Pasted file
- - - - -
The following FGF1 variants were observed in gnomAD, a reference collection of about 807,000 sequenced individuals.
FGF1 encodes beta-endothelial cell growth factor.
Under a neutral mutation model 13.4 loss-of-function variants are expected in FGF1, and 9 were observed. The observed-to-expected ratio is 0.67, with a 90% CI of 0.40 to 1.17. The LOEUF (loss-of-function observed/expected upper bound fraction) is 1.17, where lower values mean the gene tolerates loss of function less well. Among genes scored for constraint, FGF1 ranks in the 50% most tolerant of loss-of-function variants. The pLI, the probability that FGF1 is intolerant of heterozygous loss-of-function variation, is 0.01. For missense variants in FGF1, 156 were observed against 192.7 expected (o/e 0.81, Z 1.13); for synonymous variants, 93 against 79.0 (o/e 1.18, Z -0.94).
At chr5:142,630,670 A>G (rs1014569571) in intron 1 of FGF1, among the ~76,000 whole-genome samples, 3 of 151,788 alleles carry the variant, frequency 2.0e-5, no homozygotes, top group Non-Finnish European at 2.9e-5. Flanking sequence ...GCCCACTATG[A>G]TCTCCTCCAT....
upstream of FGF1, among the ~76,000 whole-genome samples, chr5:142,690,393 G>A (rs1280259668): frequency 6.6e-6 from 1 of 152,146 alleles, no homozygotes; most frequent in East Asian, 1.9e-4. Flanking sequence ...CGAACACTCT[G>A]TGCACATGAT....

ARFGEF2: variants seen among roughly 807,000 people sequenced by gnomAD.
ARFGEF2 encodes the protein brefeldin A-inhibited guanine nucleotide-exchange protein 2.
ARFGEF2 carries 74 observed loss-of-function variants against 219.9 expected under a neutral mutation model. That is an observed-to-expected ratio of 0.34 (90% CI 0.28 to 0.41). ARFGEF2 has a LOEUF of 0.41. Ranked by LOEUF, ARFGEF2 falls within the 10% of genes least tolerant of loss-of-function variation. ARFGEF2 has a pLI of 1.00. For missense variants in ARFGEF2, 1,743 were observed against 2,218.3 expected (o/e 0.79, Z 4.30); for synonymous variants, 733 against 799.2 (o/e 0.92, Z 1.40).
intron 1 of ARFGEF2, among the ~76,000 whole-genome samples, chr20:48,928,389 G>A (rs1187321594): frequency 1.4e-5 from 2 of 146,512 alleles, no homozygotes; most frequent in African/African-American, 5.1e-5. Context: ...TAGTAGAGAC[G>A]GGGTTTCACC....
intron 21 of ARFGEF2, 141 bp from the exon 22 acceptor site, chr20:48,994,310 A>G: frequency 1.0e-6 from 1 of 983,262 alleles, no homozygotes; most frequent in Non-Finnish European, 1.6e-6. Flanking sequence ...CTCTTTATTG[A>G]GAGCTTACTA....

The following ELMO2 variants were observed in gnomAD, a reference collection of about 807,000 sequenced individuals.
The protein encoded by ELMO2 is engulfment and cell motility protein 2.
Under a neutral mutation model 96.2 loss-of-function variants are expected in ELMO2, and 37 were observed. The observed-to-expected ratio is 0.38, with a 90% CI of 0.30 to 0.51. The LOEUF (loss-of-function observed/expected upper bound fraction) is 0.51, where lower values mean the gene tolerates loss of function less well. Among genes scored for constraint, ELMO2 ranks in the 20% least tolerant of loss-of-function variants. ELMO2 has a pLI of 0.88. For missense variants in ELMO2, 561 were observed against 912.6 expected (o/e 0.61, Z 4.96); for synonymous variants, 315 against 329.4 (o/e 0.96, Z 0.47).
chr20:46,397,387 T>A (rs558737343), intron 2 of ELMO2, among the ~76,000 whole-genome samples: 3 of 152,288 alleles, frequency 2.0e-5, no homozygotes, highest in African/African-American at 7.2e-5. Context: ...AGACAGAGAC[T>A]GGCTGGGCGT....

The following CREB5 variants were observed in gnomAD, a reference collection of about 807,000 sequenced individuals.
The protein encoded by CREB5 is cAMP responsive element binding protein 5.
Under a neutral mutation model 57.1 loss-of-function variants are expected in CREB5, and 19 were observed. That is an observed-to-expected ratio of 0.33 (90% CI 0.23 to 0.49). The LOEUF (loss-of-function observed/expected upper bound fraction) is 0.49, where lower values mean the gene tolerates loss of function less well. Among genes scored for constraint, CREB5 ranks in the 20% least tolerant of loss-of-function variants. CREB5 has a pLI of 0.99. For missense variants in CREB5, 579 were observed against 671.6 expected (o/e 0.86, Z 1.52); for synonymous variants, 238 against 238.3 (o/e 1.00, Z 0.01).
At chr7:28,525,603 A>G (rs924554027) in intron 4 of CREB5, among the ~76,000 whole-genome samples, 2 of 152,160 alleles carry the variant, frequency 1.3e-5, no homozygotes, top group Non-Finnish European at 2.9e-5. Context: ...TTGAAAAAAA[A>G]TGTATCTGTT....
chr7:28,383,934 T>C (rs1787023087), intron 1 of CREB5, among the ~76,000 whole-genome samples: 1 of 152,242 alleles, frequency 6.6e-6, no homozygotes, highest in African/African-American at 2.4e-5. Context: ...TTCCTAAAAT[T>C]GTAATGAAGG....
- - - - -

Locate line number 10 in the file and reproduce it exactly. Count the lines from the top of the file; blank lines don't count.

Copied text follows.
intron 21 of ARFGEF2, 141 bp from the exon 22 acceptor site, chr20:48,994,310 A>G: frequency 1.0e-6 from 1 of 983,262 alleles, no homozygotes; most frequent in Non-Finnish European, 1.6e-6. Flanking sequence ...CTCTTTATTG[A>G]GAGCTTACTA....